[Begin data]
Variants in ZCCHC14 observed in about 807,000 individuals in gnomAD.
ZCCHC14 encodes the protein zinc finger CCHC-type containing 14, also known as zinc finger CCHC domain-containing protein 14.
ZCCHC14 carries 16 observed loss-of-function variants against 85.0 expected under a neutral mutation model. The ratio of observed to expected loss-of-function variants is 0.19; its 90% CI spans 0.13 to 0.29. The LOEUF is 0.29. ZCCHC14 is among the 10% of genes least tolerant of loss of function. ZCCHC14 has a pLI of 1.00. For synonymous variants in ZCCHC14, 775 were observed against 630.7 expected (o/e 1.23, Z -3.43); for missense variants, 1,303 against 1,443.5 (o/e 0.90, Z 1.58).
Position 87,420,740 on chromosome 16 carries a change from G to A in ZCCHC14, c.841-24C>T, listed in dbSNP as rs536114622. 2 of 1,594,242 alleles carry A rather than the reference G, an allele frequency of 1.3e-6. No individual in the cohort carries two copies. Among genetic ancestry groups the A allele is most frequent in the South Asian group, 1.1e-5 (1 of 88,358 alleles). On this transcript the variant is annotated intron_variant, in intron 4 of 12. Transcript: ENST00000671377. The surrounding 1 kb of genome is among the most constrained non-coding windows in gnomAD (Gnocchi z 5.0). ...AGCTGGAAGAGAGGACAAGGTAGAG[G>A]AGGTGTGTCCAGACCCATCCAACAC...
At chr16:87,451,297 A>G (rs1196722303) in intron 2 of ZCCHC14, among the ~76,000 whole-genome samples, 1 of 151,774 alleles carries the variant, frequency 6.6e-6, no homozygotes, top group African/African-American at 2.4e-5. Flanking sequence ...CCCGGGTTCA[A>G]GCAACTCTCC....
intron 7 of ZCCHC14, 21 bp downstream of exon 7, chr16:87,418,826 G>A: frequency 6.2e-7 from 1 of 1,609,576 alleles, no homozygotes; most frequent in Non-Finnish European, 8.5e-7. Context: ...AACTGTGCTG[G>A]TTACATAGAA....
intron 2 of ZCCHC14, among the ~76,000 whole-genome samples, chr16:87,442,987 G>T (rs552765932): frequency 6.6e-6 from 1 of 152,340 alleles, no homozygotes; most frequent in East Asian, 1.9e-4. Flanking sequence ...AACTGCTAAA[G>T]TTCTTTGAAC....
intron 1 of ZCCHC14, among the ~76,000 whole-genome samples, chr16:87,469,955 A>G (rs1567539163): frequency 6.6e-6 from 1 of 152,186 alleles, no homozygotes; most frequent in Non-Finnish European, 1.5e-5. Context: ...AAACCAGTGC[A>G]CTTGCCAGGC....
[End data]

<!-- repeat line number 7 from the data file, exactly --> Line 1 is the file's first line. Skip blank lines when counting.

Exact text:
intron 2 of ZCCHC14, among the ~76,000 whole-genome samples, chr16:87,442,987 G>T (rs552765932): frequency 6.6e-6 from 1 of 152,340 alleles, no homozygotes; most frequent in East Asian, 1.9e-4. Flanking sequence ...AACTGCTAAA[G>T]TTCTTTGAAC....